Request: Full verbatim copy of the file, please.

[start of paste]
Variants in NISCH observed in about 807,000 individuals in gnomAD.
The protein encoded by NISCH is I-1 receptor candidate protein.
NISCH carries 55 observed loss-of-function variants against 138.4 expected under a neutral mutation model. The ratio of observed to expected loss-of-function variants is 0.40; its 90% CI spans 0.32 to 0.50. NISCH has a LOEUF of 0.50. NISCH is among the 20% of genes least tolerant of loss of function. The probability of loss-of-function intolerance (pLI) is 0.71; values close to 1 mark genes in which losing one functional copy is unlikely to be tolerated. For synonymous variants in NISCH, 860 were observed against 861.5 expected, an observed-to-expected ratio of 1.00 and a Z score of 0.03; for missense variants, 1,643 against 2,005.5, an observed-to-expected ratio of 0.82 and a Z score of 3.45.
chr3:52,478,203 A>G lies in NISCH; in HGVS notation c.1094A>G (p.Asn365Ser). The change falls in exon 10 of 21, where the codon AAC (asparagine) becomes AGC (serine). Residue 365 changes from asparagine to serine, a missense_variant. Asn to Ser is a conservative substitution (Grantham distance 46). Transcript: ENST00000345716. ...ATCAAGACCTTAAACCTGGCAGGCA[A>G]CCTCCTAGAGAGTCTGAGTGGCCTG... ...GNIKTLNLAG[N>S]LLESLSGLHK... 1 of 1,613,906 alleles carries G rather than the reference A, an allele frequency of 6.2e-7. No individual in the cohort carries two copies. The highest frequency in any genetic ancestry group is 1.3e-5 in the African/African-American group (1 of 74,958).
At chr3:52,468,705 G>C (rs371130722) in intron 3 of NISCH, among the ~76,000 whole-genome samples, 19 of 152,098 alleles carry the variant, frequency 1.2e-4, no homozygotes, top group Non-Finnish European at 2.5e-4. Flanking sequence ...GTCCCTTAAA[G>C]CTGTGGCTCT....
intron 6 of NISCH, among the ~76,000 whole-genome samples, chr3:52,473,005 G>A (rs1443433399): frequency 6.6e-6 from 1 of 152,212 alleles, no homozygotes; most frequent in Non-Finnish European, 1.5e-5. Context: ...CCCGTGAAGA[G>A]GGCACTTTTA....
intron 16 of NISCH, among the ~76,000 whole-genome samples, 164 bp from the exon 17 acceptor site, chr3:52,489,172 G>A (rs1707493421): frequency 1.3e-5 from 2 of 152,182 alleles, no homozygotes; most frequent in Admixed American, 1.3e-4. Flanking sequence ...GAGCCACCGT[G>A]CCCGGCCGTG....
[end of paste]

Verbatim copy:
Variants in NISCH observed in about 807,000 individuals in gnomAD.
The protein encoded by NISCH is I-1 receptor candidate protein.
NISCH carries 55 observed loss-of-function variants against 138.4 expected under a neutral mutation model. The ratio of observed to expected loss-of-function variants is 0.40; its 90% CI spans 0.32 to 0.50. NISCH has a LOEUF of 0.50. NISCH is among the 20% of genes least tolerant of loss of function. The probability of loss-of-function intolerance (pLI) is 0.71; values close to 1 mark genes in which losing one functional copy is unlikely to be tolerated. For synonymous variants in NISCH, 860 were observed against 861.5 expected, an observed-to-expected ratio of 1.00 and a Z score of 0.03; for missense variants, 1,643 against 2,005.5, an observed-to-expected ratio of 0.82 and a Z score of 3.45.
chr3:52,478,203 A>G lies in NISCH; in HGVS notation c.1094A>G (p.Asn365Ser). The change falls in exon 10 of 21, where the codon AAC (asparagine) becomes AGC (serine). Residue 365 changes from asparagine to serine, a missense_variant. Asn to Ser is a conservative substitution (Grantham distance 46). Transcript: ENST00000345716. ...ATCAAGACCTTAAACCTGGCAGGCA[A>G]CCTCCTAGAGAGTCTGAGTGGCCTG... ...GNIKTLNLAG[N>S]LLESLSGLHK... 1 of 1,613,906 alleles carries G rather than the reference A, an allele frequency of 6.2e-7. No individual in the cohort carries two copies. The highest frequency in any genetic ancestry group is 1.3e-5 in the African/African-American group (1 of 74,958).
At chr3:52,468,705 G>C (rs371130722) in intron 3 of NISCH, among the ~76,000 whole-genome samples, 19 of 152,098 alleles carry the variant, frequency 1.2e-4, no homozygotes, top group Non-Finnish European at 2.5e-4. Flanking sequence ...GTCCCTTAAA[G>C]CTGTGGCTCT....
intron 6 of NISCH, among the ~76,000 whole-genome samples, chr3:52,473,005 G>A (rs1443433399): frequency 6.6e-6 from 1 of 152,212 alleles, no homozygotes; most frequent in Non-Finnish European, 1.5e-5. Context: ...CCCGTGAAGA[G>A]GGCACTTTTA....
intron 16 of NISCH, among the ~76,000 whole-genome samples, 164 bp from the exon 17 acceptor site, chr3:52,489,172 G>A (rs1707493421): frequency 1.3e-5 from 2 of 152,182 alleles, no homozygotes; most frequent in Admixed American, 1.3e-4. Flanking sequence ...GAGCCACCGT[G>A]CCCGGCCGTG....